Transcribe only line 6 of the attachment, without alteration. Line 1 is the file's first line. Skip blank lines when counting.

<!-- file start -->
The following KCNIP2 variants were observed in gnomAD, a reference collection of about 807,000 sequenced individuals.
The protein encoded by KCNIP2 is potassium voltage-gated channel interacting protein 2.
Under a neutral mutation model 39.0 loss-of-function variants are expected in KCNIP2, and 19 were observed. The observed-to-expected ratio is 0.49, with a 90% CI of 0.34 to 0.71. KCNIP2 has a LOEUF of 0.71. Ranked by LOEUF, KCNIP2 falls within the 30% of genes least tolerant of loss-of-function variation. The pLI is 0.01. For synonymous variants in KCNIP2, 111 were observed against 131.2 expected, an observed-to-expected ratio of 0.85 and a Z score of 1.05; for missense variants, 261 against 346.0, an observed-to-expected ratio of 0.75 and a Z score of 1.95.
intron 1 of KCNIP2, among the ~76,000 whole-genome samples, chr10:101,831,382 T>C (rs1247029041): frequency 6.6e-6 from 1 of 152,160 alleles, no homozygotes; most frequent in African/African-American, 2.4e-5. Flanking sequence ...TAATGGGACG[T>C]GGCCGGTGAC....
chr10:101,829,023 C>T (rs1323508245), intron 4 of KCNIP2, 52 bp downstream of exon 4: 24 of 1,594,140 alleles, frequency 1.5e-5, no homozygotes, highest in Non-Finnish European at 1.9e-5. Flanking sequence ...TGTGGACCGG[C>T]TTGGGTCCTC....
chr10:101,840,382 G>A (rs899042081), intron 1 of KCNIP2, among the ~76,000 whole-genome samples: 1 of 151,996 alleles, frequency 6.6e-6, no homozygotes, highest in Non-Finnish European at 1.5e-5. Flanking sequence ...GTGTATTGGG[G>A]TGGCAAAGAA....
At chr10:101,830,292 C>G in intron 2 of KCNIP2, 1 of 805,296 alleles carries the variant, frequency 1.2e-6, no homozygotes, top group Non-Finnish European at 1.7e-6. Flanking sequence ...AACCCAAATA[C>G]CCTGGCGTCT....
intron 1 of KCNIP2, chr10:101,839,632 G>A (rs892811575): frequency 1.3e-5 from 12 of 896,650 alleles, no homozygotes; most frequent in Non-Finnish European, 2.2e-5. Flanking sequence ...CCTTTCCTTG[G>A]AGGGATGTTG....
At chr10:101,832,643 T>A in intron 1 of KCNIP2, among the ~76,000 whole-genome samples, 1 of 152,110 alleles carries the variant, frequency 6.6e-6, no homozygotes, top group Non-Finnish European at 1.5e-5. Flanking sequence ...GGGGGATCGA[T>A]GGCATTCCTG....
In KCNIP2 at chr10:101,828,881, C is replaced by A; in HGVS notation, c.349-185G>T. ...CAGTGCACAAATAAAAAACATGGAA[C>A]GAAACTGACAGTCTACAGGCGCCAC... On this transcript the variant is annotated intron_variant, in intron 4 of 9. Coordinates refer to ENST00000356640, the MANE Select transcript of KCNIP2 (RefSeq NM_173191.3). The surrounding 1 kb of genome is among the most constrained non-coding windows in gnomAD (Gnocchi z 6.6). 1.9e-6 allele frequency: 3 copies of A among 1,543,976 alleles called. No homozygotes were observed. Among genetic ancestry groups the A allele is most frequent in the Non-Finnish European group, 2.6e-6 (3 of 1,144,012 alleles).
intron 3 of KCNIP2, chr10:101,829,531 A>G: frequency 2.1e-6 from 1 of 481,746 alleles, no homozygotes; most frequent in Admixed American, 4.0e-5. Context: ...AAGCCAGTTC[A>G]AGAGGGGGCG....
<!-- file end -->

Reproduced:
chr10:101,840,382 G>A (rs899042081), intron 1 of KCNIP2, among the ~76,000 whole-genome samples: 1 of 151,996 alleles, frequency 6.6e-6, no homozygotes, highest in Non-Finnish European at 1.5e-5. Flanking sequence ...GTGTATTGGG[G>A]TGGCAAAGAA....